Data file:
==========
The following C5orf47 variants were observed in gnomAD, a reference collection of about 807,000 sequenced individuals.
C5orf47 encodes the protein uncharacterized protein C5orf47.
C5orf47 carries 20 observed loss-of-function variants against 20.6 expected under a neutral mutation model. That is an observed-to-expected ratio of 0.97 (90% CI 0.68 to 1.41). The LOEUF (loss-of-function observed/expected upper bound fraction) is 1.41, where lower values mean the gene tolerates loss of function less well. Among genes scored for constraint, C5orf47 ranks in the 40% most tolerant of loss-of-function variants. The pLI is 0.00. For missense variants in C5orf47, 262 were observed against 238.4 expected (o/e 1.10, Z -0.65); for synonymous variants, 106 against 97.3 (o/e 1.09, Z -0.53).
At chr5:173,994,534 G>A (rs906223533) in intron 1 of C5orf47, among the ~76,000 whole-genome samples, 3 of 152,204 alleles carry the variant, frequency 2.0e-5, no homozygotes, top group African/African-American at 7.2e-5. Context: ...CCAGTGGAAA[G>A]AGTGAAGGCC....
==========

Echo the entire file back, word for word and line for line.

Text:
The following C5orf47 variants were observed in gnomAD, a reference collection of about 807,000 sequenced individuals.
C5orf47 encodes the protein uncharacterized protein C5orf47.
C5orf47 carries 20 observed loss-of-function variants against 20.6 expected under a neutral mutation model. That is an observed-to-expected ratio of 0.97 (90% CI 0.68 to 1.41). The LOEUF (loss-of-function observed/expected upper bound fraction) is 1.41, where lower values mean the gene tolerates loss of function less well. Among genes scored for constraint, C5orf47 ranks in the 40% most tolerant of loss-of-function variants. The pLI is 0.00. For missense variants in C5orf47, 262 were observed against 238.4 expected (o/e 1.10, Z -0.65); for synonymous variants, 106 against 97.3 (o/e 1.09, Z -0.53).
At chr5:173,994,534 G>A (rs906223533) in intron 1 of C5orf47, among the ~76,000 whole-genome samples, 3 of 152,204 alleles carry the variant, frequency 2.0e-5, no homozygotes, top group African/African-American at 7.2e-5. Context: ...CCAGTGGAAA[G>A]AGTGAAGGCC....